During Chinese history, archery was an important aspect of life. Bow and arrow were used for hunting, sport, rituals, examinations, and as a weapon of warfare since 20,000 years ago. Skill in archery was considered as a virtue for Chinese emperors and was one of the Six Noble Arts of the Zhou dynasty. Archery was for everybody and many philosophers, like Confucius and Lie Zi, were good archers.
In war, Chinese used bow and arrow as a weapon from chariots at first and later from the horse. Before the Warring States period (between 475 and 221 BC) chariots would carry one driver, one halberdier, and one archer which was the standard place for an archer at the time. Reforms of King Wuling of Zhao in 307 BC introduced mounted archery - archers on horses which proved as more affective. Chinese infantry on land used crossbows because they were easier to use and to train to soldiers. Bow and arrows were used for training and during naval battles. Chinese crossbows had bronze trigger mechanisms as early as 600BC which could withstand very high draw weights. Later, in 14th century, crossbows were made with a simple design because kill of constructing bronze trigger mechanisms was lost during the Mongolian Yuan dynasty in 13th century.
Bow and arrows also had ritual value for Chinese. During the Zhou dynasty, between 1146 and 256 BC, aristocracy held archery rituals whose role was to symbolize and reinforce order within their hierarchy. These rituals consisted of pairs of archers shooting at a target in a pavilion, with high concern for proper form and conduct. These rituals were accompanied by ceremonial music and wine. With the end of Zhou dynasty, civilian archery rituals disappeared but later dynasties retained archery rituals as a part of the military education and exams. These exams were used for selecting military officials and archery part consisted of archery on foot, mounted archery, and test of strength with specially-designed strength testing bows.
For hunting, Chinese used standard bow and arrow as well as pellet bow and a bow with a tethered arrow. Ancient Chinese artwork also represents hunting using mounted archery. For hunting with a pellet bow, Chinese used a light bow designed to shoot a stone pellet instead of an arrow. One theory is that pellet bow was precursor to the bow and arrow, and the pellet shooting was used in hunt along with bow and arrow for many centuries.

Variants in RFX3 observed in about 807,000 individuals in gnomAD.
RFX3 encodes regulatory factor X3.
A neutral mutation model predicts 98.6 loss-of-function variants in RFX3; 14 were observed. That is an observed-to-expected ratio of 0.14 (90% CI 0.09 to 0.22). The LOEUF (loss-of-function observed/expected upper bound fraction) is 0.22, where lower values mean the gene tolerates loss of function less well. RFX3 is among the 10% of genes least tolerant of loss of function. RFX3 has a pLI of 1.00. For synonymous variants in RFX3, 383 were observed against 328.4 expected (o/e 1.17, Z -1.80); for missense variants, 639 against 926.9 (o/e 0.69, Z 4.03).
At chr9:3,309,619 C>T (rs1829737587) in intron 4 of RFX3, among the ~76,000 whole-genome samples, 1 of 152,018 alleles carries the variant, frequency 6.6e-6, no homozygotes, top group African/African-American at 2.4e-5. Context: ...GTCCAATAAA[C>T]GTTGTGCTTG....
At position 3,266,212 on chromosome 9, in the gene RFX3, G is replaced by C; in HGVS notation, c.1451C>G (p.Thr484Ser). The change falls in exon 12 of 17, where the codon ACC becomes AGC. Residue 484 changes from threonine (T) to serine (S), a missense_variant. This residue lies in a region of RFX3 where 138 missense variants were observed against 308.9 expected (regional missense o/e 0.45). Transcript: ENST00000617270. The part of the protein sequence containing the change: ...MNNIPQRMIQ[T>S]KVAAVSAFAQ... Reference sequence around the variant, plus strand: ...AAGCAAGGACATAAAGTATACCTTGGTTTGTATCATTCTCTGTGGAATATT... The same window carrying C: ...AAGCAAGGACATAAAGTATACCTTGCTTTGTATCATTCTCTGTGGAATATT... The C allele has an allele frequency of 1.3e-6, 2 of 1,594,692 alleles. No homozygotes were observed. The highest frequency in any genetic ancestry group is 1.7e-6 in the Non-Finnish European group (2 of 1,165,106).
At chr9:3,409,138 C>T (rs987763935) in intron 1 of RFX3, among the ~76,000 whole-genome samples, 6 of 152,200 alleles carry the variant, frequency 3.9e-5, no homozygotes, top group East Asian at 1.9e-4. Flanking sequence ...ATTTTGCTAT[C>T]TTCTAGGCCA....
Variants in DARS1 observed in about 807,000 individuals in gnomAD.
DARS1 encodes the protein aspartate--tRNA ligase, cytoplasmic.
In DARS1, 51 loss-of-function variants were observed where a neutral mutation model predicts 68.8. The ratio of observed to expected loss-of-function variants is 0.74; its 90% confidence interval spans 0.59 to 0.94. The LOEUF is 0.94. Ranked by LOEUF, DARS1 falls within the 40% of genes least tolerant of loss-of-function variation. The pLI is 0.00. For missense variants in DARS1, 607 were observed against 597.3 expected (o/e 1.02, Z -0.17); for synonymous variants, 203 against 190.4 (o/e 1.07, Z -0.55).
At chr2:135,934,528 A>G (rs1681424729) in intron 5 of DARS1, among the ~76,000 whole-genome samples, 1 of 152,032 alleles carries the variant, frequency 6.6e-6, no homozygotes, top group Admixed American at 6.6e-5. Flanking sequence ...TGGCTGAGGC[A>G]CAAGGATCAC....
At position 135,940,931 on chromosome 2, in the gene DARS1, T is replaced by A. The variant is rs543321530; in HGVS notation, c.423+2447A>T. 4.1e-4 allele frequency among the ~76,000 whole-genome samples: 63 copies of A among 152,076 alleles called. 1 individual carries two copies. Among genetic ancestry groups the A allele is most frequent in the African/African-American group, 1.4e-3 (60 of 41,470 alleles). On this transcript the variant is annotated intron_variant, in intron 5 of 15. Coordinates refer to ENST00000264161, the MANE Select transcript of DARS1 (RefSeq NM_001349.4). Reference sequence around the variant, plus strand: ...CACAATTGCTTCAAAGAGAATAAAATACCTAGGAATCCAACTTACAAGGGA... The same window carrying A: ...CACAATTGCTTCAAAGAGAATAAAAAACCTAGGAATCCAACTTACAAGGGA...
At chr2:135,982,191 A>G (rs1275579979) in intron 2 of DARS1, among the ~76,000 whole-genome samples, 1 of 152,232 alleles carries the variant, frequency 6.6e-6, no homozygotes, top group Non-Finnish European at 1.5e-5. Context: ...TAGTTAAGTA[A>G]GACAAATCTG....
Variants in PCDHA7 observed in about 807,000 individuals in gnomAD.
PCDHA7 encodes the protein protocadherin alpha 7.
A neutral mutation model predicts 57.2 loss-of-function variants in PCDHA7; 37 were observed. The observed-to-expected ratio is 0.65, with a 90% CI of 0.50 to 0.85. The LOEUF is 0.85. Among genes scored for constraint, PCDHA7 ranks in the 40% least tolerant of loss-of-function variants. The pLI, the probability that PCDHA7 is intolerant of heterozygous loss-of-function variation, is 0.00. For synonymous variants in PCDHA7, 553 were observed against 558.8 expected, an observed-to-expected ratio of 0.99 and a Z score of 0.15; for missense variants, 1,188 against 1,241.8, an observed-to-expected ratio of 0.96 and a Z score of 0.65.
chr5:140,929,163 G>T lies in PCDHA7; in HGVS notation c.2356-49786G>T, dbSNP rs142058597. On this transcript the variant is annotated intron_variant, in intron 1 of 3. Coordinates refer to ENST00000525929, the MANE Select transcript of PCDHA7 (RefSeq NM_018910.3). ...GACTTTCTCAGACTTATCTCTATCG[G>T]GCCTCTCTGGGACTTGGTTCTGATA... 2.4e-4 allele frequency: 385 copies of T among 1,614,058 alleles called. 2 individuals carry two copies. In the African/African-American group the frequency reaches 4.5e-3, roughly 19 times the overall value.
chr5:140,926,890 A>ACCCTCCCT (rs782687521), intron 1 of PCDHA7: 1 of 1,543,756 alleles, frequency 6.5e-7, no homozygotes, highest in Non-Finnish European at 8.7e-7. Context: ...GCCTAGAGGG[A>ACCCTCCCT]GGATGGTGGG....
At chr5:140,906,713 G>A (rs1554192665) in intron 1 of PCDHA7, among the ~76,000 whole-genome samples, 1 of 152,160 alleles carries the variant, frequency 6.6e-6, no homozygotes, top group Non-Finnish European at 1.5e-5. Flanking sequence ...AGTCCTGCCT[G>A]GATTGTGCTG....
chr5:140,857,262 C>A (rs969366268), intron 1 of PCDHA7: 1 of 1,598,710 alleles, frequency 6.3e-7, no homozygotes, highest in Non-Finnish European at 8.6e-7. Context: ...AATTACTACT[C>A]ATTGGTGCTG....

As in other places, use of bow and arrow started to decline with the appearance of firearms. Bow and arrow survived until the end of the Qing dynasty (1644 - 1911) when more reliable firearms were available. Qing Emperor Guang Xu abolished archery from the military exam in 1901. There was a short-lived effort to revive traditional archery practice between 1911 and 1937 but the Cultural Revolution forced workshops to cease manufacturing of bows.
Modern revival began in 1998 when Ju Yuan Hao began bow making. He was the only manufacturer of bows until recently. Annual Chinese Traditional Archery Seminar was established in 2009 whose goal is to create a new living tradition for Chinese archery.
As we have seen, technique of archery changed throughout Chinese history. The Han dynasty (206 BC - 220) had at least 7 archery manuals; the Ming dynasty (1368 - 1644) had at least 14 different schools of archery while in the time of Qing dynasty over 14 different schools of archery published their manuals. What is common for all these schools is that they all though that mental focus and concentration are very important for the skill and art of archery.